I think the agenda offered and the image portrayed by the Bush administration satisfied for many what exists in us offered the tidiness of a fairy tale and the satisfaction that comes with believing one is on the correct side of right and wrong and that that equation is black and white. We're all vulnerable to the lure and the luster of that scenario...though we almost always find that it is an illusion and that life is far more complicated and requires far more reflection.

"A huge part of my strategy has been to work on expanding the party," Mehlman said, through systematic outreach to Latinos and African Americans, and the use of advanced "micro-targeting" technology to find GOP-leaning voters in predominantly Democratic communities.

But for years, Rove and his top lieutenants have touted their belief that in this highly polarized era, fewer than 1 in 10 voters still swing in their allegiance between the parties from election to election. One of their key assumptions has been that the vast majority of voters who call themselves independents actually vote like reliable Democrats or Republicans, though they don't accept the label.

Those conclusions led the White House, in the reversal of the usual practice, to direct more of its campaign spending in 2004 toward mobilizing the Republican base than converting swing voters. It also reinforced Bush's inclination to pursue an ambitious conservative agenda at home and abroad that largely unified rank-and-file and congressional Republicans in support but generated near lock-step opposition from Democrats.

But this year, it appears that less of the electorate is permanently locked down than the White House theories projected. With Bush's approval rating among independent voters below 30%, polls in every region of the country show independents, who made up about a quarter of the vote in each of the last two elections, moving sharply against Republican candidates.

The belief that swing voters are virtually extinct "has led to a lot of President Bush's problems," said Democratic pollster Geoff Garin. "Because what it leads you to do is blow off the middle [in your decisions] and only worry about the base. And there are lots of voters who seem very inclined to punish President Bush in this election for behaving that way."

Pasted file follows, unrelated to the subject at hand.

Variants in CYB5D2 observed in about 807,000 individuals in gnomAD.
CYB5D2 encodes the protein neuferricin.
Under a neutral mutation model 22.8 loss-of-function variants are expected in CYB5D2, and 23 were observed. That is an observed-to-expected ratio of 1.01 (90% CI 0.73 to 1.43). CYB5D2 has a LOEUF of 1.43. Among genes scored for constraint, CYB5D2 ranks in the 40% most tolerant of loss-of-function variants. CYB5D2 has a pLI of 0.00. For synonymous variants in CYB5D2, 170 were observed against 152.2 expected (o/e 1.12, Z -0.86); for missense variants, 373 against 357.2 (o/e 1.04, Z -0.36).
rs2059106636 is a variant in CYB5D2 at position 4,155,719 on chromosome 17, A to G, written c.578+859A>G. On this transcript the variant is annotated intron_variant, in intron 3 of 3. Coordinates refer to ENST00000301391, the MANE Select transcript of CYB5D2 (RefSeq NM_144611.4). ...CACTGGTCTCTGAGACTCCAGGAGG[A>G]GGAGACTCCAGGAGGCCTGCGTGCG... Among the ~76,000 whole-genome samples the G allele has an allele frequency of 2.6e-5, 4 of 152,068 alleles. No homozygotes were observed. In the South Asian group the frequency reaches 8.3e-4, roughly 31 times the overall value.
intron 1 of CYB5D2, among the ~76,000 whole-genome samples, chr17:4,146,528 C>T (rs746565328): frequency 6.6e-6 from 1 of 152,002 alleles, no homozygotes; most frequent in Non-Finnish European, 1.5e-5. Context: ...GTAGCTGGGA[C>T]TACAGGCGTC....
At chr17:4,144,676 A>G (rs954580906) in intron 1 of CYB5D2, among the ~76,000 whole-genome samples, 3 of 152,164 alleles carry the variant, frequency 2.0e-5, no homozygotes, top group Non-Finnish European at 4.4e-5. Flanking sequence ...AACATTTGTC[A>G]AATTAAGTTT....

The error in the Bush / Rove calculation is to believe that people will remain at the extremes. Yes, there are those who will always be extreme...the bell curve proves as does human nature. Notwithstanding, there exists a self-moderating nature within most people and when they perceive themselves to be too extreme they will eventually make an adjustment...even if it requires settling for less than the whole pie. In the end, I believe that means that any coalition that is created by an assemblage based upon rhetoric that is predominantly extreme cannot be sustained over time. Further, in order to create such a majority coalition requires a false message that also cannot be sustained.

One might equate it with having a football team made up of over forty players like Terrell Owens. It looks like a winning team, it offers the promise of victory, but in the end it fails because a team made up of only people at the extreme eventually succumbs to division when the players are all unable to satisfy their very narrow and uncompromising demands. Two truths exist to undermine this Bush / Rove strategy. One, the coalition will never be made up of individuals that are all as extreme as Terrell Owens so it isn't an unwavering coalition and differences will eventually be exposed. Two, it is impossible to satisfy the needs and demands of a coalition based solely upon extremist rhetoric...someone will eventually demand more tangible results than can be delivered or that will seem to be unreasonable to some members of the coalition.